on THe amounT of work requireD for THe Park on a
Zone bY Zone basis
J Type of maintenance
j Regular maintenance
j Horticultural care
j Capital replacement
J Frequency of service
j Daily or more frequently
j Long term
J Size, type, and skills of crews required to
perform the work by categories
j Skilled volunteer
j Seasonal staff
j Permanent staff
j Other city agency
J Equipment required to perform the tasks
j Garbage truck
J Estimate the hours required for each task.
J Estimate staff or contractor costs to complete each task.
j Some tasks are more cost effective to outsource due to
specialized skills or equipment that contractors possess.
moniTor anD aDjusT Performance of mainTenance
Plan oVer Time
J Track progress by zone, task, and cost.
J Adjust schedules to the park as facilities and landscaping
mature and age or use patterns change.
J If the park is maintained by nonagency staff or organization
and there is a maintenance bond in place, require an annual
review of the maintenance program to ensure the budget and
covering bond grow according to escalating costs. Consider
tying bond coverage to the Consumer Price Index.
PublisH Park mainTenance Plans anD annual eValuaTions
To enHance Public awareness of mainTenance acTiViTies,
cosTs, anD Performance
J Make park maintenance plans available on the Parks website.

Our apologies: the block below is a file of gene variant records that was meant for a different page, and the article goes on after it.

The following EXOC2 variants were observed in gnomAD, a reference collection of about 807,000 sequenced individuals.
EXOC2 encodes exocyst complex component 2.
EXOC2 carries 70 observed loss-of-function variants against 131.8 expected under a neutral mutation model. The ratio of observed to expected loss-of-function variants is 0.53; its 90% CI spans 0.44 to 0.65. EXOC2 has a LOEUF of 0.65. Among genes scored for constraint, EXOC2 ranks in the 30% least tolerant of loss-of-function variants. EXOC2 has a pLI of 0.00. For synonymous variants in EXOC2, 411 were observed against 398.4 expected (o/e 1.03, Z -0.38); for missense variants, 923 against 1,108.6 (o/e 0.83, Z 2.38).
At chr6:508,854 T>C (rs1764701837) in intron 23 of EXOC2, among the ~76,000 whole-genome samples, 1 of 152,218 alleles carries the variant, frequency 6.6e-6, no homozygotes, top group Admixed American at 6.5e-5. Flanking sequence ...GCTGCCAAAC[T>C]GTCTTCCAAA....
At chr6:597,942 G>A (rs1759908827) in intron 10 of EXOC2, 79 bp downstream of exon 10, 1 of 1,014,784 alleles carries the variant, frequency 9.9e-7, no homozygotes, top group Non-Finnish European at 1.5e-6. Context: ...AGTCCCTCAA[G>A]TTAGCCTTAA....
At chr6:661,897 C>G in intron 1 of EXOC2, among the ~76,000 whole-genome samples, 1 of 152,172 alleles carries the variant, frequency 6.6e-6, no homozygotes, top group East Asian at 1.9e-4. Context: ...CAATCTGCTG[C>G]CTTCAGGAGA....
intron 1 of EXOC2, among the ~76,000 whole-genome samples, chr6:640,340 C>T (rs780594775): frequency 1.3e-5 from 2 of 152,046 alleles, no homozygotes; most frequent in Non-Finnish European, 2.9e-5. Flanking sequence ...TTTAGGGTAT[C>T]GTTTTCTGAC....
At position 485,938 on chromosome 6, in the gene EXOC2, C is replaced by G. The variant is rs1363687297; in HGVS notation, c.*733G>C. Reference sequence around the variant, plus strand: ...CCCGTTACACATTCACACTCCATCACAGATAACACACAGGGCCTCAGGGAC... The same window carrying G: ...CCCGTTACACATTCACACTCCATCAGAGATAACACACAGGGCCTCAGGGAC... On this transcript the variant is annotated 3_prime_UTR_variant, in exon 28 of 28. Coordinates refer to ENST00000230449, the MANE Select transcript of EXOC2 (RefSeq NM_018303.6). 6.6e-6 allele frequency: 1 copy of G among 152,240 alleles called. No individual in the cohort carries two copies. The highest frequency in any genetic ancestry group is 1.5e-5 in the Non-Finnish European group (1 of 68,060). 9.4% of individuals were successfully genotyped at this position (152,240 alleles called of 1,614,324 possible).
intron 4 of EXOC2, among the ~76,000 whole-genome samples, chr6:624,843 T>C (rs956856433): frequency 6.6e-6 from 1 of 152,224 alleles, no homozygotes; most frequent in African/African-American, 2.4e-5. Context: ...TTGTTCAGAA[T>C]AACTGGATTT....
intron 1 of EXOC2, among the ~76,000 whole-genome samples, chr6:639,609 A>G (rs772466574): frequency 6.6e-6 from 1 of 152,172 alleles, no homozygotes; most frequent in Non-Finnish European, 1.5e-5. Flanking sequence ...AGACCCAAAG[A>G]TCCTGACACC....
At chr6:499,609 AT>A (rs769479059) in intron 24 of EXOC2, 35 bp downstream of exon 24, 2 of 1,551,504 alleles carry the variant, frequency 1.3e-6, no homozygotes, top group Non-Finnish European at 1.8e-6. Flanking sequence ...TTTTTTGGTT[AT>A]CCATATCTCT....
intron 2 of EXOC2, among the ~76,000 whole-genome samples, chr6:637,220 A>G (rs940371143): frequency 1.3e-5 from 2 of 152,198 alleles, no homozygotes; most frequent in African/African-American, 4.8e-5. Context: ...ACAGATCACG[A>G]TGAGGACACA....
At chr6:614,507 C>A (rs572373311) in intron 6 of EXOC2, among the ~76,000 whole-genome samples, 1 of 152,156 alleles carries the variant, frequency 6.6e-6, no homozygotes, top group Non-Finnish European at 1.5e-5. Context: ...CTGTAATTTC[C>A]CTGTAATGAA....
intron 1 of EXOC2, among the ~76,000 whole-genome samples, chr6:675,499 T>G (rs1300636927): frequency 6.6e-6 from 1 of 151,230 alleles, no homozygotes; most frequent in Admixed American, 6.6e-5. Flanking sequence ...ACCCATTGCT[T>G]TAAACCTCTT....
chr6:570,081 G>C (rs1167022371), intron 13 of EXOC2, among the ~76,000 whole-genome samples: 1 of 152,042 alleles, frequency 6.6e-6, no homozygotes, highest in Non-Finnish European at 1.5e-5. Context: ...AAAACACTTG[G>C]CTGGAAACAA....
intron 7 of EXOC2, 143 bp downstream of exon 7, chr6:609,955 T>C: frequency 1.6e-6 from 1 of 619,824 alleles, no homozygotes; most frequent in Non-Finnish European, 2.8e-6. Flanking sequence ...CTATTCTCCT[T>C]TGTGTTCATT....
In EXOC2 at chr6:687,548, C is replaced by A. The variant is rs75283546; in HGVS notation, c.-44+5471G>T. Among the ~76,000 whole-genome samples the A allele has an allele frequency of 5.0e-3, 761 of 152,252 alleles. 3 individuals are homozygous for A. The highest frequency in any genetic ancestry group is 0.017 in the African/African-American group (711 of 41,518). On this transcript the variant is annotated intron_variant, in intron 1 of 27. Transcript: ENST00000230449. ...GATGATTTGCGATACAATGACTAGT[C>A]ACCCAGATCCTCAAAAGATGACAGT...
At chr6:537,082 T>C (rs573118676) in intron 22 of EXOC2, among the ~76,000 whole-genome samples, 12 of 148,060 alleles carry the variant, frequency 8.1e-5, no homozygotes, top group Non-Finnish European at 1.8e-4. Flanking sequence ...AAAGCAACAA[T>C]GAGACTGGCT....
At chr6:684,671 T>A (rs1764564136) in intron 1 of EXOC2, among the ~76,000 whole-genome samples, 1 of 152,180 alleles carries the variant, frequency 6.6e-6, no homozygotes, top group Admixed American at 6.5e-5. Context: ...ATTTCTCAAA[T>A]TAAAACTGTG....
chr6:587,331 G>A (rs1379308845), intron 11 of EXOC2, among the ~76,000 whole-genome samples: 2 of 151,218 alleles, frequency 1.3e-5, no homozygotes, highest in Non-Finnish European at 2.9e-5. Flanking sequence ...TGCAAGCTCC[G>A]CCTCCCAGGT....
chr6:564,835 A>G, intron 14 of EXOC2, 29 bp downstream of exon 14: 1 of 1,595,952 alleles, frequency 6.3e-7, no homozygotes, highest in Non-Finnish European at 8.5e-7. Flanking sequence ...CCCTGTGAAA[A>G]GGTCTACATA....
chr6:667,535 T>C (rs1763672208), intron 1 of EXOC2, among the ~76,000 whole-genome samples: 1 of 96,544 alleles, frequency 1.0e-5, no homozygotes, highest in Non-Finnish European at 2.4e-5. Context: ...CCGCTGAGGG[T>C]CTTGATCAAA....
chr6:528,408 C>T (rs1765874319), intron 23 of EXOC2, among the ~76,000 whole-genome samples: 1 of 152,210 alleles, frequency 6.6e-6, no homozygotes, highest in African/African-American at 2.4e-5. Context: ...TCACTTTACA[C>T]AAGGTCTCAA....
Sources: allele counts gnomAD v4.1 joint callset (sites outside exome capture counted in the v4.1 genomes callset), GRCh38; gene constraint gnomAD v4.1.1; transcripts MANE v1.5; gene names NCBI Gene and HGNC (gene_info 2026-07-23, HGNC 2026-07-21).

J Publicize annual park inspections and success ratings
against the published plans.
J Provide user feedback forms to enhance maintenance
The Seattle Parks and Recreation department requires a
Vegetation Maintenance Plan (VMP). A VMP is written to guide
the growth, development, and maintenance of parks and open
spaces. Each VMP is designed to bring together the diverse
interests at work in a park or open space and inform on direct
actions of the organizations that manage it. See further:
In 2003 San Francisco passed a law that requires the city
to provide detailed park maintenance standards, park mainte-
nance plans and schedules and to track performance on a park
by park basis. The city has established standards for street,
sidewalk, and park maintenance. City agencies engaged in
street, park, and sidewalk maintenance are required to publish
their schedules on the web. The Controller’s Ofﬁce then
conducts annual performance audits of the street, sidewalk,
and park maintenance and cleaning operations. By 2008, San
Francisco had developed draft Park Management Plans for
most of San Francisco’s neighborhood parks.
For further information see:
J San Francisco Park Management Plans Overview: http://
J Typical Park Management Plan for John McLaren
J San Francisco Park Maintenance Standards: http://
J San Francisco Park Maintenance Scores: http://www.ci.sf.
for furTHer informaTion
f City of Oakland, CA, Lake Merritt Boating Center Maintenance Plan http://
f Earth Plan Associates, Inc. “Chapter 4 Park Maintenance” in 2006-